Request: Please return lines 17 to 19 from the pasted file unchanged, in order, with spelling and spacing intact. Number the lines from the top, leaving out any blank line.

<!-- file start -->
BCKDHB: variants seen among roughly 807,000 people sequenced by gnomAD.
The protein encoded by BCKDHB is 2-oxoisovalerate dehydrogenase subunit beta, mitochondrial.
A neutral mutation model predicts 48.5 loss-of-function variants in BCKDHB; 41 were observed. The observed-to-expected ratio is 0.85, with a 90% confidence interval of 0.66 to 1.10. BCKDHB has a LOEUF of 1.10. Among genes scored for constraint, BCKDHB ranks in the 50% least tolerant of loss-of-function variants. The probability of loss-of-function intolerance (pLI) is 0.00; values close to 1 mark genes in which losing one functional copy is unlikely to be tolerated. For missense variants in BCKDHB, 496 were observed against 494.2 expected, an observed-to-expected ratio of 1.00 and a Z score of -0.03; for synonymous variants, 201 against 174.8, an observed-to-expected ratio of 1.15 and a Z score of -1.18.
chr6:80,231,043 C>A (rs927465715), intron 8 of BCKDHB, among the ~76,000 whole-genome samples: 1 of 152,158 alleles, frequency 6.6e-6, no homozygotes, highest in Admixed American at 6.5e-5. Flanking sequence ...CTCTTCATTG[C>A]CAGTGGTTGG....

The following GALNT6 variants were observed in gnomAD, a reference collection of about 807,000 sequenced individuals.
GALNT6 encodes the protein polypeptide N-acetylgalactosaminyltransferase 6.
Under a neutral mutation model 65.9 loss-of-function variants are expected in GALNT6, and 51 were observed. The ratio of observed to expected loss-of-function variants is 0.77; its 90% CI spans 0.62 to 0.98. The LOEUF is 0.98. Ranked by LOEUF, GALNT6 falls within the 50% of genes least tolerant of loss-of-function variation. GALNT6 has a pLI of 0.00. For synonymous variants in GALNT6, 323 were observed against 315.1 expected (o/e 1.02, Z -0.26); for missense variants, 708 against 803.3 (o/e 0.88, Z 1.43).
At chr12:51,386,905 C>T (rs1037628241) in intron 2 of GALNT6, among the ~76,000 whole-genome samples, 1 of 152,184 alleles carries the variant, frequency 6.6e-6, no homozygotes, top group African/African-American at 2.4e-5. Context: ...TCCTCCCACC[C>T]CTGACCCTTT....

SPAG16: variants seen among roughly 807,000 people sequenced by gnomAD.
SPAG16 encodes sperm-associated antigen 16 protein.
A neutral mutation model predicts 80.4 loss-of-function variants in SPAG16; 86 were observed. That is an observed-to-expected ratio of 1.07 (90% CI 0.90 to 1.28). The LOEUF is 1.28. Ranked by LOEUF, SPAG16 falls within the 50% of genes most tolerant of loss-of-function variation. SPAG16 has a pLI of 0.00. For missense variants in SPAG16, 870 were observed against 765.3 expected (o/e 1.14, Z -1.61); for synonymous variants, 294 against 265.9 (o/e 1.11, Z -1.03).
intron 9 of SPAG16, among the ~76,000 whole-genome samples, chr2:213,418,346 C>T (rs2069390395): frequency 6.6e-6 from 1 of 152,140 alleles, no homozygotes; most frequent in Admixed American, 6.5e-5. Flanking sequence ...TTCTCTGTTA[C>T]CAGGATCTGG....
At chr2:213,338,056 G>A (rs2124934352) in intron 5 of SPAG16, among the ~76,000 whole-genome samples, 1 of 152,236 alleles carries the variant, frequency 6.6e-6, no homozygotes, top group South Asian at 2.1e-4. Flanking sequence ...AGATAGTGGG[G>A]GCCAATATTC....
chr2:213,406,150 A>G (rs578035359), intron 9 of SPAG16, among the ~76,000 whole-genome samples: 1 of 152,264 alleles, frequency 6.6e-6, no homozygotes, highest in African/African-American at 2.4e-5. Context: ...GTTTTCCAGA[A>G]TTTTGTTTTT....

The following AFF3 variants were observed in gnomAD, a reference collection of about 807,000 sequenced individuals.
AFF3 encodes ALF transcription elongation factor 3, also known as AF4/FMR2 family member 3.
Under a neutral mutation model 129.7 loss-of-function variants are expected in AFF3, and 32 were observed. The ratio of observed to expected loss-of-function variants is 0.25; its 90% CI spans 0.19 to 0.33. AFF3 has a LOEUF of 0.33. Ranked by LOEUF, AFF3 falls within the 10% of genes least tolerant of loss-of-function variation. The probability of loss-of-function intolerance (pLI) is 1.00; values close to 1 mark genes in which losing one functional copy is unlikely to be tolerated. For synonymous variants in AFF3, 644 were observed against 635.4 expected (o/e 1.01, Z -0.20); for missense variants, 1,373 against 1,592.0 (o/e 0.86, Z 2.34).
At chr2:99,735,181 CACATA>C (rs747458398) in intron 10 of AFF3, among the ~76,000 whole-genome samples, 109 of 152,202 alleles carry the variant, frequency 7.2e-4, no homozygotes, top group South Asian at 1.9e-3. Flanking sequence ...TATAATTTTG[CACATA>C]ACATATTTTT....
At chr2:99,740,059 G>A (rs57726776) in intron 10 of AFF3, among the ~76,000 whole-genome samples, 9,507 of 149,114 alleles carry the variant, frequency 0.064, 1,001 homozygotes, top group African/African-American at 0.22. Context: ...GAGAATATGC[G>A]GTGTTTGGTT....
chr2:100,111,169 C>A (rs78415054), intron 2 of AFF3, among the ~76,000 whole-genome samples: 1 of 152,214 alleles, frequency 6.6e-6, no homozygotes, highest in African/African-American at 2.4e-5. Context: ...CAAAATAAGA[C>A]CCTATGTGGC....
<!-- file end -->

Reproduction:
Under a neutral mutation model 129.7 loss-of-function variants are expected in AFF3, and 32 were observed. The ratio of observed to expected loss-of-function variants is 0.25; its 90% CI spans 0.19 to 0.33. AFF3 has a LOEUF of 0.33. Ranked by LOEUF, AFF3 falls within the 10% of genes least tolerant of loss-of-function variation. The probability of loss-of-function intolerance (pLI) is 1.00; values close to 1 mark genes in which losing one functional copy is unlikely to be tolerated. For synonymous variants in AFF3, 644 were observed against 635.4 expected (o/e 1.01, Z -0.20); for missense variants, 1,373 against 1,592.0 (o/e 0.86, Z 2.34).
At chr2:99,735,181 CACATA>C (rs747458398) in intron 10 of AFF3, among the ~76,000 whole-genome samples, 109 of 152,202 alleles carry the variant, frequency 7.2e-4, no homozygotes, top group South Asian at 1.9e-3. Flanking sequence ...TATAATTTTG[CACATA>C]ACATATTTTT....
At chr2:99,740,059 G>A (rs57726776) in intron 10 of AFF3, among the ~76,000 whole-genome samples, 9,507 of 149,114 alleles carry the variant, frequency 0.064, 1,001 homozygotes, top group African/African-American at 0.22. Context: ...GAGAATATGC[G>A]GTGTTTGGTT....